Abundant research has demonstrated the impact that gratitude can have on one's mental and physical health. However, it can be difficult to set aside sacred time to reflect on gratitude. This strategy provides resources for teachers who would like to build gratitude-focused activities into their classroom, like the Bucket Fillers activity included below. Building routines into class that allow students to reflect on their own gratitude will help them develop the improved physical and mental health and enhanced social and emotional skills that giving thanks can bring. The benefits of students learning to be thankful will extend far beyond the classroom walls.
Identify how much time, and when, to build gratitude activities into students' routine. Consider whether to use 15 minutes at the end of each week, 5 minutes at the end of each day, or 30 minutes each month to dedicate to student gratitude activities.
Select a gratitude activity to engage in with students. Here are some examples and resources to get started:
The Positive Psychology Program has a robust collect of gratitude exercises (see resource below) that can easily be implemented in the classroom.
Consider having students write in a gratitude journal (see resource below) in which they write their own gratitude lists.
If students would like to express their gratitude, consider having them write a gratitude letter as suggested in the Greater Good resource below. In some cases, it may even be appropriate for them to read the letter aloud to the person to whom it is written.
If you think students would benefit from a longer lesson on gratitude, consider using the Gratitude Lesson plans from Greater Good Magazine that are included below.
Once students are comfortable reflecting independently on their gratitude, consider opportunities to share the gratitude more widely.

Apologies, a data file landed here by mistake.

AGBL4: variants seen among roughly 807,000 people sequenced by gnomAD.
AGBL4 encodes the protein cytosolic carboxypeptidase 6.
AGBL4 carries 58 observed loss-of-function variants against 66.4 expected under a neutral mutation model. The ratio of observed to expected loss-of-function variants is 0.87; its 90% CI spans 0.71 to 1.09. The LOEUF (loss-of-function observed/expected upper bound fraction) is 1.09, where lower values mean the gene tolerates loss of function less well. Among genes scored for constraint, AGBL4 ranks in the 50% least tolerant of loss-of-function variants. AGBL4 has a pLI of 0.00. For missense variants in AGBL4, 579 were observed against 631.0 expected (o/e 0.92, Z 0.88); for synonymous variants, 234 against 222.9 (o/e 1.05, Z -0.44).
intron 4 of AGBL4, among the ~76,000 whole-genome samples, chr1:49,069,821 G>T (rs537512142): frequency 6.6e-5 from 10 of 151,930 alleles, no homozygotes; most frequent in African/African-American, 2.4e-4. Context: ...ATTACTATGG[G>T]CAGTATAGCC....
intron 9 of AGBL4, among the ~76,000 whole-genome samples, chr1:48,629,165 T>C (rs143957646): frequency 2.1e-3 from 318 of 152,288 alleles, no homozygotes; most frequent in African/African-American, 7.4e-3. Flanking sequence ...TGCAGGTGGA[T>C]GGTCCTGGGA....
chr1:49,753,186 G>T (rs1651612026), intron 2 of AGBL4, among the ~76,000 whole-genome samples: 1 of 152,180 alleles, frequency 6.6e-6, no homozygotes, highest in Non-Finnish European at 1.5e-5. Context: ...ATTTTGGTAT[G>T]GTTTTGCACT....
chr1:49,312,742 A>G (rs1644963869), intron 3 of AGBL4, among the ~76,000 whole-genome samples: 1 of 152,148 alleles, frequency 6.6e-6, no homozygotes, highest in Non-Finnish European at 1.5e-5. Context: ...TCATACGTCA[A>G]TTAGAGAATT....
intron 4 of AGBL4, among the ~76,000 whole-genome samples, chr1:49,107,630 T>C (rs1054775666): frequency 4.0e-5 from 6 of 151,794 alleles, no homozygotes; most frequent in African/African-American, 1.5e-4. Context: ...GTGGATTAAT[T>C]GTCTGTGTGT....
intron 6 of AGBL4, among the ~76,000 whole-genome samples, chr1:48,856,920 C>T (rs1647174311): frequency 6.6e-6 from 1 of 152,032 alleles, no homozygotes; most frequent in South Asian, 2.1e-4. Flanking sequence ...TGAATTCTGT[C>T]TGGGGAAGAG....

Students could share out their gratitude with the whole class during circle time. See the "Circle Up: Co-creating Community Conversations" strategy in the BetterLesson lab for how to facilitate a successful class circle.
Consider creating a "kindness wall," (see Edutopia resource below) either physical or digital (see tech tool section below for suggestions), where students can publicly post messages of gratitude to one another.
Gratitude isn't just for students; it can also be a great tool for school leaders to use with staff. If you're leading a professional development session or staff meeting, consider giving participants 3 minutes at the start of the session to jot a note of gratitude to a colleague on a post-it and hand-deliver it. Alternatively, keep a stack of notecards in your desk and take time each week to jot a short note to a teacher and drop it on their desk or in their mailbox so that they know you're grateful for their work. You can also use gratitude walls in the staff room, or develop a digital system for school-wide staff shout-outs.
Pre-K or Early Elementary teachers can teach their students about the importance of being kind and expressing gratitude by introducing them to the concept of "bucket fillers."
1. Before introducing students to "bucket fillers," fully research the concept by clicking on the resources below.